Practice Management Small Business

Today’s Cross-Functional Inventory Environment

Written by Tim Grant

Today, we are witnessing a shift in how businesses manage inventory. While departments used to focus solely on their own responsibilities, now it takes a cross-functional team effort to coordinate the movement of goods. Previously, only the purchasing agent spoke with suppliers about product requirements and specifications. Now, engineers reach out directly. The accounting departments were only concerned about the financials of the company, but are now involved in the purchasing and operational decisions. The shipping and receiving function now needs to work with the rest of the warehouse crew and production to get raw materials in quickly to the right location — and products out to customers — with the coordination of shippers.

These changes are a product of the larger transformation in business environments, or the way in which companies manage their resources. This has changed profoundly over the last 30 years. What used to be a centralized, hierarchical structure has evolved (some would say, “devolved”) into teams with shared responsibilities and collective accomplishments. Businesses worldwide stress the needs and benefits of collaboration and “team-building.” The results can lead to better outcomes for both the companies and the individuals involved.

Changing Roles in Inventory

Here are some examples of how roles have changed in regard to inventory in distribution and manufacturing processes:


The lowly receiving clerk function of many years ago has turned into a scanner-packing data ninja impacting the supply chain for production and the customer service area of sales. Shippers’ trucks now run on tight schedules, so receivers need to unload, scan, quality-control and “put away” to designated locations quickly to meet production and customer demands. Accuracy is important because an error can mean the holdup of a production line, or a delivery to a customer.


  • Production: In an assembly or batch production environment, knowing when raw materials have been received may be the trigger for the start of the production run.
  • Operations: Effective warehouse management depends on the raw or finished goods material being in the right location (warehouse, bin) as designated in the software. Searching for items that are on hand adds unproductive labor cost to operational overhead.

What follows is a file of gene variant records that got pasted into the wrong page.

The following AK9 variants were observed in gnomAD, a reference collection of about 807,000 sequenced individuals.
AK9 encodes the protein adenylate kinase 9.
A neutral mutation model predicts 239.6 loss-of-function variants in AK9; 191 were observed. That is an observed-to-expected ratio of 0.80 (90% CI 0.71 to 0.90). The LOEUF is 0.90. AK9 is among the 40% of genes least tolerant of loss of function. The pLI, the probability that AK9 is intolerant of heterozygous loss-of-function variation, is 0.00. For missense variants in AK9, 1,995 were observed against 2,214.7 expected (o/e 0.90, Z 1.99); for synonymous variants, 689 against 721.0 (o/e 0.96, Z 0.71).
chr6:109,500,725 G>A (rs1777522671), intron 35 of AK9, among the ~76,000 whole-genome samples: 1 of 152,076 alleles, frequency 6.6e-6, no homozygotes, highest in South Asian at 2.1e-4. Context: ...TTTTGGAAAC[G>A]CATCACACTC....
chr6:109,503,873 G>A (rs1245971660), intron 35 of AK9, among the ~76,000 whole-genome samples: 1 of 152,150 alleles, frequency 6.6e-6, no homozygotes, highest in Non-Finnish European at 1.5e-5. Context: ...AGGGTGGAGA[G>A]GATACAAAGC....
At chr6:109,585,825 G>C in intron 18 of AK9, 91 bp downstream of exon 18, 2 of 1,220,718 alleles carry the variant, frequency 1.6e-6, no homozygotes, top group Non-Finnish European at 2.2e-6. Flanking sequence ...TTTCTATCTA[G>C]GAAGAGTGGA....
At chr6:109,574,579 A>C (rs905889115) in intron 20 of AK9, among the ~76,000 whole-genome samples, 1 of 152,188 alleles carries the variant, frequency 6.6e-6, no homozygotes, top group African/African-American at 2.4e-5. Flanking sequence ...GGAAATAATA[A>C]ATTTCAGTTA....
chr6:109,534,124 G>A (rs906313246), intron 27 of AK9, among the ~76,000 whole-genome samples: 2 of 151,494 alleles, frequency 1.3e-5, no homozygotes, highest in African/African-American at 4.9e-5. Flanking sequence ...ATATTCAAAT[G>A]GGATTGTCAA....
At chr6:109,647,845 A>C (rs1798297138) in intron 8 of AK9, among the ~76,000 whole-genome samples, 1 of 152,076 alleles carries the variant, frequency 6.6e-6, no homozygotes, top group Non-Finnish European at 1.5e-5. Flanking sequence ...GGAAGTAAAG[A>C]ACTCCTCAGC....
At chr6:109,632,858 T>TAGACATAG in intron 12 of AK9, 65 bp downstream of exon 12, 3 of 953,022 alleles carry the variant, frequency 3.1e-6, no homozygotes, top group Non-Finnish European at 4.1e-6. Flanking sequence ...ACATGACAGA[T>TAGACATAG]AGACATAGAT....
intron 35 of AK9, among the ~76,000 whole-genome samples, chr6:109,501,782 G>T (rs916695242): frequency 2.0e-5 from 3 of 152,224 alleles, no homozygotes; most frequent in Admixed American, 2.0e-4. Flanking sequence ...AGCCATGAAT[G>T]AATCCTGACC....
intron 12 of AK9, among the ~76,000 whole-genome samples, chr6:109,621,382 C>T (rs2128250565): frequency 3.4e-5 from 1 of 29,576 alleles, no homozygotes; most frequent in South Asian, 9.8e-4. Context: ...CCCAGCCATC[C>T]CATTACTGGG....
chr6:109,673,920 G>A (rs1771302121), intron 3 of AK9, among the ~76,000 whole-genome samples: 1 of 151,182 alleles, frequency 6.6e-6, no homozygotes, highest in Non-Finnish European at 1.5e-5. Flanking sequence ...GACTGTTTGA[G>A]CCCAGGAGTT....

• Sales: The sales department relies on the finished products being in the hands of their customers by expected dates. Delays or confusion in the shipping area leads to additional labor cost and customer dissatisfaction. Coordinating with carriers to ensure timely delivery involves increased technology and communication.


These functions are sometimes separate, sometimes performed by the same person, but the collective role cannot be underestimated for the outcome of the business. Procurement is about finding the right suppliers and sources of product or raw material. Purchasing is setting in motion the delivery of those raw materials (in manufacturing) or complete goods to the right distribution center at the right time. This involves timing of deliveries, effective communication, and the financial resources to make it all happen.


  • Production: Timely raw good deliveries are critical for batch runs.
  • Accounting: Funds must be available and coordinated to meet supplier demands.
  • Operations: Having too much or not enough inventory affects carrying costs.
  • Sales: Inadequate purchasing affects customer fulfillment and satisfaction.

Operations/Warehouse Management

metamorphosis in the sector of businesses managing inventory

Managing a warehouse is like being the host at a party.  You need to make sure you have everything on hand to satisfy everyone, while people come and go constantly. The person who does the “put away” of the goods received will probably not be the person who does the “picking” for the customer orders, so a well-organized warehouse is a must. Operations will be concerned about rotating stock in cases of lot and serial number control, managing access to shelves and bins, responding to production or shipping staging area requests, and the safety of workers.


  • Shipping/Receiving: This department coordinates for placement and space limitations of arriving goods. Also, once pickers have assembled customer orders, they prepare the orders for outgoing shipment.
  • Production: Manufacturers need the raw materials queued up in staging area in preparation for batch runs. Operations usually coordinates picking of these items and placement for production.
  • Sales: Ensuring timely disbursement of products, as well as the correct packaging and appearance of the product, ultimately impacts customer satisfaction.


At the heart of a manufacturing company is where the finished goods are produced. This may involve a job shop, batch, assembly, or continuous flow processes. People here rely heavily on the procurement and purchasing agents to have the raw materials in stock, and the operations crew to stage the materials for the production line. Plant managers are under the gun to coordinate materials and available labor to manufacture the consumer or business-to-business (B2B) goods necessary.


  • Sales: Customer demand drives the production facility. Breakdowns in equipment or shortages of labor delay deliveries, and ultimately customer satisfaction. The relationship between sales and production should always be close, yet leave room for adjustment. Sales wants to make customers happy, but production must balance a lot of resources to meet demand.